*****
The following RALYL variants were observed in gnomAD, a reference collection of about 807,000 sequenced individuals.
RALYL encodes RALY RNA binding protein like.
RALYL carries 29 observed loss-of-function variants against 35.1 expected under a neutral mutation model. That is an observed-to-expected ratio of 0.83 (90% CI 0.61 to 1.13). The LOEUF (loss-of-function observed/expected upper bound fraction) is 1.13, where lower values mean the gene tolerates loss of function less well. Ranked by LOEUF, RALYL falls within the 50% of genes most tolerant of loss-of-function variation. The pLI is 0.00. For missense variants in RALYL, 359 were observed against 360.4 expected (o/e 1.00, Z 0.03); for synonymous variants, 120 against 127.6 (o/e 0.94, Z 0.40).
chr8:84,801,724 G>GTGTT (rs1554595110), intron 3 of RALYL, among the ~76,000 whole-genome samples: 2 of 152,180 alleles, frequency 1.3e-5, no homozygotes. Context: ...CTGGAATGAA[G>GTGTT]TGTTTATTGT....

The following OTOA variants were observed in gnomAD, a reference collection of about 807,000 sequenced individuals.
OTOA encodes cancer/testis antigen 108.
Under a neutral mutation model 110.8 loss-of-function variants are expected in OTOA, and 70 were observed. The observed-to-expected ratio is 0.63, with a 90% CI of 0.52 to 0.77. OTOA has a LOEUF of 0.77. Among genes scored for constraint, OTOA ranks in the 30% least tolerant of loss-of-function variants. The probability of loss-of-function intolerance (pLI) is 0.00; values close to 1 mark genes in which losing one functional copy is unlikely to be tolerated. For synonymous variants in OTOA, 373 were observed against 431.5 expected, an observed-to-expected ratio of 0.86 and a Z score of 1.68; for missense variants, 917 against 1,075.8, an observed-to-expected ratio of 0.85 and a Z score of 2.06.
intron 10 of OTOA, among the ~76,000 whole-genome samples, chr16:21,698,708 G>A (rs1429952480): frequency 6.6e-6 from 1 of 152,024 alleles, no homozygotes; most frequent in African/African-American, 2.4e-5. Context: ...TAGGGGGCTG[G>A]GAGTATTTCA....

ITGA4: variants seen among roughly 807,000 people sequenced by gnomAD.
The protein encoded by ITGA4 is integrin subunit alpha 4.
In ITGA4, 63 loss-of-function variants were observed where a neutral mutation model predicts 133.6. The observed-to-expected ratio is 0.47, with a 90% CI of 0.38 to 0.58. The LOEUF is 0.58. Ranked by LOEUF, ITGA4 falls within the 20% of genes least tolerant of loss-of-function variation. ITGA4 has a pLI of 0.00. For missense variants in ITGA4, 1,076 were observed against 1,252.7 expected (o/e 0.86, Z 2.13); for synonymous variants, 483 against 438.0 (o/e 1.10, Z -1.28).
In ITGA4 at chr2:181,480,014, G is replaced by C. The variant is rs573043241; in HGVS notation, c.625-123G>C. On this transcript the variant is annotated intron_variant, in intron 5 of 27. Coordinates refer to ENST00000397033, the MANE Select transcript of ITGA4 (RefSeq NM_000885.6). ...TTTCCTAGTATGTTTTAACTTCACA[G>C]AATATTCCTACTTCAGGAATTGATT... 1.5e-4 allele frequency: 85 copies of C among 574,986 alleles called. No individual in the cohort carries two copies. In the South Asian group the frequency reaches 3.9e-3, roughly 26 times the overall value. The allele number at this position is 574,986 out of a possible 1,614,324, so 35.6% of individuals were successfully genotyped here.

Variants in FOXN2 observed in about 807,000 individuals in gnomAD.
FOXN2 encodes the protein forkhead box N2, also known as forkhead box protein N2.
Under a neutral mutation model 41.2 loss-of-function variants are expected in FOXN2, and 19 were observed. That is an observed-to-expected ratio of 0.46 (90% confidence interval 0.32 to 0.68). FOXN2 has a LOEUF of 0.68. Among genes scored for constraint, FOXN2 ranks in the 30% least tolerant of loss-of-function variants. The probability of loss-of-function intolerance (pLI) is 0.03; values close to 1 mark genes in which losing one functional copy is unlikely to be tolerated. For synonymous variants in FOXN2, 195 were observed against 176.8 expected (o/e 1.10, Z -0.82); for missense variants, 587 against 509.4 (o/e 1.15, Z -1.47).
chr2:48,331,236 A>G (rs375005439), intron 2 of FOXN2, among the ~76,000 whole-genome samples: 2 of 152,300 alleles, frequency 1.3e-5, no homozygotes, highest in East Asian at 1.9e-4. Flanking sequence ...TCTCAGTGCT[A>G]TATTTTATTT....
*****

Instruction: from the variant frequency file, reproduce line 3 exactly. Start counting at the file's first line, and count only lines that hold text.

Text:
RALYL carries 29 observed loss-of-function variants against 35.1 expected under a neutral mutation model. That is an observed-to-expected ratio of 0.83 (90% CI 0.61 to 1.13). The LOEUF (loss-of-function observed/expected upper bound fraction) is 1.13, where lower values mean the gene tolerates loss of function less well. Ranked by LOEUF, RALYL falls within the 50% of genes most tolerant of loss-of-function variation. The pLI is 0.00. For missense variants in RALYL, 359 were observed against 360.4 expected (o/e 1.00, Z 0.03); for synonymous variants, 120 against 127.6 (o/e 0.94, Z 0.40).